The hills threatened to defeat me. The restaurant we’d identified for dinner that first day, still stumbling from jet lag, was only five minutes away from our hotel, but the route was straight uphill. After just one minute, I had to stop to allow my heart to slow and my breath to catch up, but there was more ahead, and I didn’t know if I could make it…. We knew that Lisbon was a risk, a stretch. I had not made a trip as far and as demanding since the day in the late spring of 2015 when everything changed.
With two Pfizer shots in my arm and a possible third on the horizon, I should be feeling renewed, eager to engage in the months to come. Instead I’m apprehensive. Because even if the world outside were perfectly safe, I don’t have a normal life to return to.
My father-in-law died unexpectedly on the last day of the decade. He was a quiet, gentle man who had affected my husband’s and my lives more and more the older we became. We were devastated, and I felt guilty.
What you said made us angry. You were an experienced doctor, a member of the Indian professional class in Kenya. We were naïve, young white women, accustomed to respecting authority. But we did not take to you. I think it is fair to say you did not take to us either, two American girls in Africa for the first time.
In Dubai, I was taken for a prostitute. It was late, maybe midnight, far away from the city center in a bizarre hotel–a sprawling, deserted complex next to the largest horseracing track in the world. Luxury hotels in the United Arab Emirates are overstaffed, so we weren’t surprised that one porter opened the taxi door, a second held the door of the hotel, and a third greeted us in the lobby and followed us down the hall toward the elevators, chatting. But there was something off, something too attentive. The first time he said it, his words were muted. Only after he’d repeated himself, urgently and pleading, Sir, you must register your guest, did we understand, did the man at my side stop, point to me, and say, That’s my wife.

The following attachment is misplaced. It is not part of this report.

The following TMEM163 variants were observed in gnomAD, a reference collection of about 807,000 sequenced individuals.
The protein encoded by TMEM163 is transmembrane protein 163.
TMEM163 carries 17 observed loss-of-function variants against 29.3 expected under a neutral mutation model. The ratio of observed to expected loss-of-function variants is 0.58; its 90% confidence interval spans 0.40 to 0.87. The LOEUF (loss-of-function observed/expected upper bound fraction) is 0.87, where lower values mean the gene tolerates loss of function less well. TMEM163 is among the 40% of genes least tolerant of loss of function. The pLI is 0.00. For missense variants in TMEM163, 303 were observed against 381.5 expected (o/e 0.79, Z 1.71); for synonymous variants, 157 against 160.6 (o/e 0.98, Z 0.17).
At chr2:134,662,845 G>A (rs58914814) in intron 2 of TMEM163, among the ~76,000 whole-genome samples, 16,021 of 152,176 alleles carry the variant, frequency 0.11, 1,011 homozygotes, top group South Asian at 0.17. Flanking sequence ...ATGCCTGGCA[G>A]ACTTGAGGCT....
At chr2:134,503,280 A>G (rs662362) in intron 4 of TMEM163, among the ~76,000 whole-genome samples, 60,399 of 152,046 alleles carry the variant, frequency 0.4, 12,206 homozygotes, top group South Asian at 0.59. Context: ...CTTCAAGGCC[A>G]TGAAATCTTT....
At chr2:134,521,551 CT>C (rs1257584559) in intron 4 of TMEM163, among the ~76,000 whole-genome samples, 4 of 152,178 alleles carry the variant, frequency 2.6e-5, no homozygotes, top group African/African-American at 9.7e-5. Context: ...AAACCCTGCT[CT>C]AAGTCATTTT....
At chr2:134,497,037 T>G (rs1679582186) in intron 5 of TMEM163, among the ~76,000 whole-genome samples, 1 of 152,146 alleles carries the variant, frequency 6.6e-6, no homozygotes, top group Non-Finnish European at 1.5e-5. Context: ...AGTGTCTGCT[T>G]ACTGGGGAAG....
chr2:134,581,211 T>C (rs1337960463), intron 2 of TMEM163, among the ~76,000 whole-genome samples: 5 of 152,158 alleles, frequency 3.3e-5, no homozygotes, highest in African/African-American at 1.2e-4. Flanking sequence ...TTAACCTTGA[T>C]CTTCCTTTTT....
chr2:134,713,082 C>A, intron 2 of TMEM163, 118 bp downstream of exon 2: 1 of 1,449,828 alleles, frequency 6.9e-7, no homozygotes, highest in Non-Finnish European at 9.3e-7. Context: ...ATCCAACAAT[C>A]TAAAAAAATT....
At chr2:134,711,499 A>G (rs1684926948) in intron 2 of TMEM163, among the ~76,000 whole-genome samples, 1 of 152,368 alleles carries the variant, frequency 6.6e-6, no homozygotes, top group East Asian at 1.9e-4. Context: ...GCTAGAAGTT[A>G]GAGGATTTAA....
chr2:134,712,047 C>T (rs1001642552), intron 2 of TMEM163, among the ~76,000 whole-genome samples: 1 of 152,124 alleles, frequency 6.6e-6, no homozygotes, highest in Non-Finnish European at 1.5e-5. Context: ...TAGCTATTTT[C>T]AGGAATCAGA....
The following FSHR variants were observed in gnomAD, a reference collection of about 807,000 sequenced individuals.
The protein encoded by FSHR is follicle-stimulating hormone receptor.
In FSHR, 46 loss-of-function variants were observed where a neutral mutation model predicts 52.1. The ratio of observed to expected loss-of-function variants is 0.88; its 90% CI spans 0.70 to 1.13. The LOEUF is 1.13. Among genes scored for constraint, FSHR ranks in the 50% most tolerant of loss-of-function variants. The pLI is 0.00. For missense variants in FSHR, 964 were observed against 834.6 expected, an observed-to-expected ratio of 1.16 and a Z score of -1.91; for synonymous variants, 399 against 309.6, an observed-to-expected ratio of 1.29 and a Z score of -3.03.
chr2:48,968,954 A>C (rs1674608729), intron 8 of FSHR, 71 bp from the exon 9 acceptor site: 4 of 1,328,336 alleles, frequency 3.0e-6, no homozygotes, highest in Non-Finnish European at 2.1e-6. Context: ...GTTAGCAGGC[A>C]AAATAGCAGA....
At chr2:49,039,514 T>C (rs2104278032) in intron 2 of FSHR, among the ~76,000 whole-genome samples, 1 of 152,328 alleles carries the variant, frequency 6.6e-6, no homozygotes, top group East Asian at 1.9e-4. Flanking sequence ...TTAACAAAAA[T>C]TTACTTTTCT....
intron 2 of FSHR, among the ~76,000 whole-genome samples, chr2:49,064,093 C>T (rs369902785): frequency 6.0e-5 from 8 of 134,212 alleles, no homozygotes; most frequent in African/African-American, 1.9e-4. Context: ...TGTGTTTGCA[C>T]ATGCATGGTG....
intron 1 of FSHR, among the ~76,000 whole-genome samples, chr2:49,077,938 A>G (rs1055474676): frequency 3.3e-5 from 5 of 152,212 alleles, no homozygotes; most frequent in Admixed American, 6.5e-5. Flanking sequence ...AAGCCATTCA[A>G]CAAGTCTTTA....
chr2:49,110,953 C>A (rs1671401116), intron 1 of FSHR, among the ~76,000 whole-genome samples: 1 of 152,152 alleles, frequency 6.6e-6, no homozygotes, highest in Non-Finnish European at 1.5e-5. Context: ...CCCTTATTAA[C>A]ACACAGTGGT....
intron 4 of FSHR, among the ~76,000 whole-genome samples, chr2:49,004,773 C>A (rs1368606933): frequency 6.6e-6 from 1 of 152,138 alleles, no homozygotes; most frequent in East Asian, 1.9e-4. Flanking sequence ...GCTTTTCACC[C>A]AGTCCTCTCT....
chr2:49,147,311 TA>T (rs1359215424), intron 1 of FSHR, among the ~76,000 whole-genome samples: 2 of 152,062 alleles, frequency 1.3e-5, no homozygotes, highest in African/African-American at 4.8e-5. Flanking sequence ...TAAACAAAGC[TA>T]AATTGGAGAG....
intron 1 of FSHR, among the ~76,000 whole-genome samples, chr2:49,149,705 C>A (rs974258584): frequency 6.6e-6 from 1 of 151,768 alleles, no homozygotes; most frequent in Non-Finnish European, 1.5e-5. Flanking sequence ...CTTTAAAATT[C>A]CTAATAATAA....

On April 18th, seven months after Hurricane Maria plunged Puerto Rico into darkness and devastation, the lights went out again, all over the island. A bulldozer had damaged an important transmission line near the island’s largest electrical plant. By the following afternoon, energy had been restored to 97 percent of the island, though not to the 40,000 homes that continued to be without power since the September 20 storm. It’s hard to imagine the depth of frustration—and fear—that the April debility provoked in people just beginning to rebuild their lives.
This summer, I got very ill and couldn’t read. Words on a printed page swam, and the brain work of transforming images to concepts pained and exhausted me. It was depressing, the disappearance of reading, one of my most constant pleasures since I was 5. More seriously, it was a problem for my work as an editor — I was supposed to moderate a panel of writers at an upcoming festival, but I could only read their work in short bursts, just a few minutes at a time.
“Tell me the story of your romance with the Arabic written word.” The journalist asking was from The National, Abu Dhabi’s English-language newspaper. She wanted to know why we’d devoted an issue of The Common, Amherst’s literary magazine, to Arabic fiction. Editing Tajdeed: Contemporary Arabic Stories had been a labor of love, but it had not been romantic. Just as setting off naively for “the West” or “the Far East”—destinations that are grand notions rather than findable locations—is romantic in inspiration, but in reality involves a lot of getting lost and stuck in the mud.
In San Cristóbal de las Casas, on a street whose name I’ve forgotten, a dog bit my ankle. I kicked the mongrel in the teeth. He yelped, and a sharp voice called him away. I peeled down my sock. Not much blood, but the skin was broken in three places.
The husband did not stop until he reached the ocean. Did not turn to wave at the woman he would widow.
On the farm outside Jamnagar they’d grown millet, but the drought hit, and then the famine. The ocean was vast and burned his eyes, but the brightness boded well, he thought.